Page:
• glyphosate;
  • glyphosate resistance;
  • in vivo31P NMR;
  • Conyza canadensis;
  • ABC transporter


BACKGROUND: Horseweed has been the most invasive glyphosate-resistant (GR) weed, spreading to 16 states in the United States and found on five continents. The authors have previously reported that GR horseweed employs rapid vacuolar sequestration of glyphosate, presumably via a tonoplast transporter, substantively to reduce cytosolic glyphosate concentrations.1 It was hypothesized that glyphosate sequestration was the herbicide resistance mechanism. If resistance is indeed endowed by glyphosate sequestration, suppression of sequestration offers the potential for controlling GR horseweed at normal herbicide field-use rates.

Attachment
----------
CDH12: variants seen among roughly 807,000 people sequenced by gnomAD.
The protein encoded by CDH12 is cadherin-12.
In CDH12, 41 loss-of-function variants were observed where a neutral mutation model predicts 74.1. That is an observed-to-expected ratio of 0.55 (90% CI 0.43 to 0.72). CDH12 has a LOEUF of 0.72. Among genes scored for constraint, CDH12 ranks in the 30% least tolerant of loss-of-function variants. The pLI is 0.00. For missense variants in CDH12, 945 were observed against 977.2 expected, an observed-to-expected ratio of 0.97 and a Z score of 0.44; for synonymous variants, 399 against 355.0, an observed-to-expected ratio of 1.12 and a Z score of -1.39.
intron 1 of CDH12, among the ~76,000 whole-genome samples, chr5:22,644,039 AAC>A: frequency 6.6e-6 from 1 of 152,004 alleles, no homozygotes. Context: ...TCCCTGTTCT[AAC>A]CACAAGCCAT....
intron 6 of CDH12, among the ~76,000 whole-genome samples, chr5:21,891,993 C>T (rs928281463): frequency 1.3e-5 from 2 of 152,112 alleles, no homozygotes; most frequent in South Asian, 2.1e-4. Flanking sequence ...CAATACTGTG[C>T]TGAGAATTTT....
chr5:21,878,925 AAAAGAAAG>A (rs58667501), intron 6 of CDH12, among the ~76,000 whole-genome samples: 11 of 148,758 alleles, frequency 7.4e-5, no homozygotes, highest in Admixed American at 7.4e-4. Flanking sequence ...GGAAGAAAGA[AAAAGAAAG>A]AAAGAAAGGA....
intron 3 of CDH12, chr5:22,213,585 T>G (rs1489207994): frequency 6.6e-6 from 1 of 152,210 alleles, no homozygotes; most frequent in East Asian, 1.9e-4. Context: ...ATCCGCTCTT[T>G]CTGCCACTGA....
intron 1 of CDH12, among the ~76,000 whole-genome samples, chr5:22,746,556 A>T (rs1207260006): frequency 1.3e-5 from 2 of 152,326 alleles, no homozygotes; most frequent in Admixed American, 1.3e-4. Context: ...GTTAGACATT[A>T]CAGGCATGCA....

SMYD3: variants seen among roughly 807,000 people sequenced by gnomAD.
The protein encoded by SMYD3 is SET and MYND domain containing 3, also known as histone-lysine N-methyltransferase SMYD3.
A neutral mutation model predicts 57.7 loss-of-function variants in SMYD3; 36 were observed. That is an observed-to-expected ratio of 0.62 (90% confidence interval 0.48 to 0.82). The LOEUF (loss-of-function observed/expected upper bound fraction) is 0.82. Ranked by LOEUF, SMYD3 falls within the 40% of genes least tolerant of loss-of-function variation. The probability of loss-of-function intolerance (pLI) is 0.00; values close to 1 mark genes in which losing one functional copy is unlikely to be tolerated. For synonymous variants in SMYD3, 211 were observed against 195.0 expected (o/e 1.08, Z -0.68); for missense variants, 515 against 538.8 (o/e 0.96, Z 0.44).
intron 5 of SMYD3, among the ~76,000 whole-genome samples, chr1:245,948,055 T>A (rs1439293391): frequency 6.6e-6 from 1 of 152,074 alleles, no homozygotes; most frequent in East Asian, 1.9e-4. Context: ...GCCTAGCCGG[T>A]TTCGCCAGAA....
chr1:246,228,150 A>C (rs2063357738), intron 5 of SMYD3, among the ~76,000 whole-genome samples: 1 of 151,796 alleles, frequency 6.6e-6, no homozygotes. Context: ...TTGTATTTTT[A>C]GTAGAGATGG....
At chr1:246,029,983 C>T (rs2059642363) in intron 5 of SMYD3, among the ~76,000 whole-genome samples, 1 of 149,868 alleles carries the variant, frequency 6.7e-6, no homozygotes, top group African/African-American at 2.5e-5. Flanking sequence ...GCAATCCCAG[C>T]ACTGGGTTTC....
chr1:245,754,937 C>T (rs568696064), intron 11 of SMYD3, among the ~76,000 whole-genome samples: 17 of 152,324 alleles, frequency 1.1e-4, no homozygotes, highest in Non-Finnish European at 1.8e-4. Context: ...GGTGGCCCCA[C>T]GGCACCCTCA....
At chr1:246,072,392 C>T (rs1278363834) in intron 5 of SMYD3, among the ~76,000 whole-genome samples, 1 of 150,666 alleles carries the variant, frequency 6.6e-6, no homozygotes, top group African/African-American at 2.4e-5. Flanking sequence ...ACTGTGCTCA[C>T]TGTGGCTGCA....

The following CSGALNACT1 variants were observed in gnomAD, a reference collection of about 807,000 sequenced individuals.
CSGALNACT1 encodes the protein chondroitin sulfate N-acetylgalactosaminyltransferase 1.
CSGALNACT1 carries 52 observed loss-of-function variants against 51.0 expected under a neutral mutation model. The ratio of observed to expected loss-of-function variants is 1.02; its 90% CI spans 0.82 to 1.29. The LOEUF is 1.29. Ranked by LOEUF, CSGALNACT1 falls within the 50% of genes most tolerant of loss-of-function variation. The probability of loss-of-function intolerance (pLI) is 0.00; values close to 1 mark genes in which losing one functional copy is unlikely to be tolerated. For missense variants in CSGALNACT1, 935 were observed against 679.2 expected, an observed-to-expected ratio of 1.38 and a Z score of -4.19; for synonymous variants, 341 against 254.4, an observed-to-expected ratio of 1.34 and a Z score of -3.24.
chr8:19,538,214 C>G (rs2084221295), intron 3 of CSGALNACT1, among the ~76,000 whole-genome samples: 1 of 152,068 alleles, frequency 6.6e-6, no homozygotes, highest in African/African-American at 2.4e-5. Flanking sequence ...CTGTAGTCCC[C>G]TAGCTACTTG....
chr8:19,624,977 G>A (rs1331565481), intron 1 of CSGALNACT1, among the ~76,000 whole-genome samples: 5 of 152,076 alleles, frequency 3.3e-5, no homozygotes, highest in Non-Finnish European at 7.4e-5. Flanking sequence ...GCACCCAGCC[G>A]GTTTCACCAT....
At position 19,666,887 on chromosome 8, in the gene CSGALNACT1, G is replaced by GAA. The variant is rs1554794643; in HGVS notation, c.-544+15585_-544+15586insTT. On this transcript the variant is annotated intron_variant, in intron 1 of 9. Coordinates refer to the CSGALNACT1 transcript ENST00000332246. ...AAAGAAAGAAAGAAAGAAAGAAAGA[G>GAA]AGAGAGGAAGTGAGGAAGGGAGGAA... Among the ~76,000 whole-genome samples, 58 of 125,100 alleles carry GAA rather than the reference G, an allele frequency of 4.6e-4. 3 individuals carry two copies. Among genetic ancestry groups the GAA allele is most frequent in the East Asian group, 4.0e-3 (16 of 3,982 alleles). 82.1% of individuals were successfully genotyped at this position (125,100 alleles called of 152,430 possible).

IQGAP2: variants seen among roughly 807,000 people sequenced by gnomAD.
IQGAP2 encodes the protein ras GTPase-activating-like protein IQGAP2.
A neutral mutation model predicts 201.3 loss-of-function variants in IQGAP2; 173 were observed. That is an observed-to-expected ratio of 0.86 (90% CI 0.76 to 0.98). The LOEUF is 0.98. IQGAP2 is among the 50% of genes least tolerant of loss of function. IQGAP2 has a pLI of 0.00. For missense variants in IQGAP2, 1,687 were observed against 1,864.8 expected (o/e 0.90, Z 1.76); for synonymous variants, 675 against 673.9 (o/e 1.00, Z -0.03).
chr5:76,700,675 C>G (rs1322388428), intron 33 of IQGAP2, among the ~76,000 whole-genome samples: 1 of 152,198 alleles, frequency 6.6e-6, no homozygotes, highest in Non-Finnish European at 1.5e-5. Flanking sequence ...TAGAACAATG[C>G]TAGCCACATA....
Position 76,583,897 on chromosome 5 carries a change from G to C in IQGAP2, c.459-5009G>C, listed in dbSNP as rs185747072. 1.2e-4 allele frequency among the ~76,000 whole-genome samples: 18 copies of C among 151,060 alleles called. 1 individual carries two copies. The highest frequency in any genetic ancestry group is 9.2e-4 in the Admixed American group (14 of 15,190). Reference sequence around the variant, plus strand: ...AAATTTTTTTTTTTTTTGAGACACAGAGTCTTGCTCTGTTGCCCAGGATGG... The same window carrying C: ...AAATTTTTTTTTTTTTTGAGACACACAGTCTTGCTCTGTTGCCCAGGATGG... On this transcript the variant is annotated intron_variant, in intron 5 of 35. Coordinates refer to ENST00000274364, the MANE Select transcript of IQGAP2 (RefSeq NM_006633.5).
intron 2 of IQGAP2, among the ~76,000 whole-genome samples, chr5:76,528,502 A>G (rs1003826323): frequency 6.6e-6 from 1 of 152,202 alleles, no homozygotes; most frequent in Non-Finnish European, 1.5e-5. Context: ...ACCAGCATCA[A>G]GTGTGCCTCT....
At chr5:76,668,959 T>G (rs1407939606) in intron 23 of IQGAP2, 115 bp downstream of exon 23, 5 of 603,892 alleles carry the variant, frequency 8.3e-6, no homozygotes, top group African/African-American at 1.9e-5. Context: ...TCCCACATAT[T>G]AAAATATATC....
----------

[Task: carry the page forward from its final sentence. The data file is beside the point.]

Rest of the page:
RESULTS: Low-temperature 31P NMR experiments performed in vivo with GR cold-acclimated horseweed showed markedly suppressed vacuolar accumulation of glyphosate even 3 days after glyphosate treatment. [In stark contrast, 85% of the visible glyphosate was sequestered 24 h after spraying warm-acclimated GR horseweed.] Cold-acclimated GR horseweed treated at normal use rates and maintained at low temperature succumbed to the lethal effects of glyphosate over a 40 day period. Treatment of GR horseweed in the field when temperatures were cooler showed the predicted positive herbicidal response.

CONCLUSIONS: Low temperature markedly diminishes vacuolar sequestration of glyphosate in the GR horseweed biotype, yielding a herbicide response equivalent to that of the sensitive biotype. This supports the recent hypothesis1 that glyphosate sequestration is the resistance mechanism employed by GR horseweed. Copyright © 2011 Society of Chemical Industry